England’s largest school information management system supplier has introduced a six-month break clause to its controversial three-year contract extensions.
Education Software Solutions (ESS) SIMS announced last year that it would be swapping its normal one-year rolling contracts for three-year contract extensions from April.
While ESS said the terms were “not unusual in our industry”, the change was met with pushback from schools who said it forced them to make quick decisions about switching providers to avoid an extended deal.
This week ESS encouraged maintained schools which previously engaged with SIMS through their local authority to sign up directly with the firm.
Mark Brant, chief executive of ParentPay which owns ESS, said: “To encourage them to do so, for a limited period, we are offering to include a 6-month break clause in these new agreements.”
The option will also be made available for all schools entering into a new three-year entitlement agreement “including those who have already done so”, Brant added.
Schools which previously contracted with SIMS via their local authorities will have until March 31 to confirm a new agreement. But they must flag by February 20 if they wish to have a six-month break option.
Switch comes after legal threat
In November, the Department for Education (DfE) urged schools to delay signing the extension before giving the green light for schools to proceed in mid-December.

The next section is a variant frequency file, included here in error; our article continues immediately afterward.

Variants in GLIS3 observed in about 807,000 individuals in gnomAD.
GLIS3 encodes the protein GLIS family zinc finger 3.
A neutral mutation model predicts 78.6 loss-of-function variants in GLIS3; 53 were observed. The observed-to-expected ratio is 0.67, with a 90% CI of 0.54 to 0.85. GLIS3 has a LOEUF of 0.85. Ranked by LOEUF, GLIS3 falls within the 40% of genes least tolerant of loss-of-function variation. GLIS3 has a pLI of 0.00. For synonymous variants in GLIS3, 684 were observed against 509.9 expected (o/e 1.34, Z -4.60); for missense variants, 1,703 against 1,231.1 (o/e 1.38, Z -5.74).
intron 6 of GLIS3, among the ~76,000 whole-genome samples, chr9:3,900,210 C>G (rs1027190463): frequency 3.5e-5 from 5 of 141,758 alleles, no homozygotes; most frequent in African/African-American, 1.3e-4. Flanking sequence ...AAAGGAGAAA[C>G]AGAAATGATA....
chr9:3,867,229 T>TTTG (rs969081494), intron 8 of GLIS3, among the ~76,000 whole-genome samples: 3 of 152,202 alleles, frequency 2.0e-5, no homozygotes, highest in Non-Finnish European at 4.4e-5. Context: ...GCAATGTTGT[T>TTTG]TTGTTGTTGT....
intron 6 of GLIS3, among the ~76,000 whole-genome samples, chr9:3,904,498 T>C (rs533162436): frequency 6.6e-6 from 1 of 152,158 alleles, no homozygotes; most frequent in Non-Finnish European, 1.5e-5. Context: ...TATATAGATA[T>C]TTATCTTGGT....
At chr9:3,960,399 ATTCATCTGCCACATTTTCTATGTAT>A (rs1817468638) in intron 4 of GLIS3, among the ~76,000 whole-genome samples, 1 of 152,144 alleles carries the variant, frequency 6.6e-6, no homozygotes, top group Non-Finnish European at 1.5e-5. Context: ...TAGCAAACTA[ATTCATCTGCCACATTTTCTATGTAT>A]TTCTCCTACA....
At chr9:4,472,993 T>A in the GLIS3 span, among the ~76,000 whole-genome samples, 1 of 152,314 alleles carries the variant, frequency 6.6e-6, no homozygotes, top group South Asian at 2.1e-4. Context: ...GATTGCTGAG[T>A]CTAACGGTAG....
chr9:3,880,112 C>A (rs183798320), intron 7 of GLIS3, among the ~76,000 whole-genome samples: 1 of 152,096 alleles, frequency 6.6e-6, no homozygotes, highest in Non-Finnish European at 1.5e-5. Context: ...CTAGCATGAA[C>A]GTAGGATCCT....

Schools Week also revealed that around 400 schools had signed up to take collective legal action against SIMS due to the contract change.
While official legal proceedings have not yet been launched, law firm Stone King said it was in dialogue with ESS lawyers as they believes the change is legally questionable.
However, Brant previously claimed “there is no basis for legal action” as three-year deals were the “industry standard”.
Schools Week understands Stone King is discussing the impact of the updated break clause with its clients.
SIMS runs 68 per cent of schools MIS systems. While it is still the dominant supplier this represents a significant slip form 2012 when it controlled 84 per cent of the market.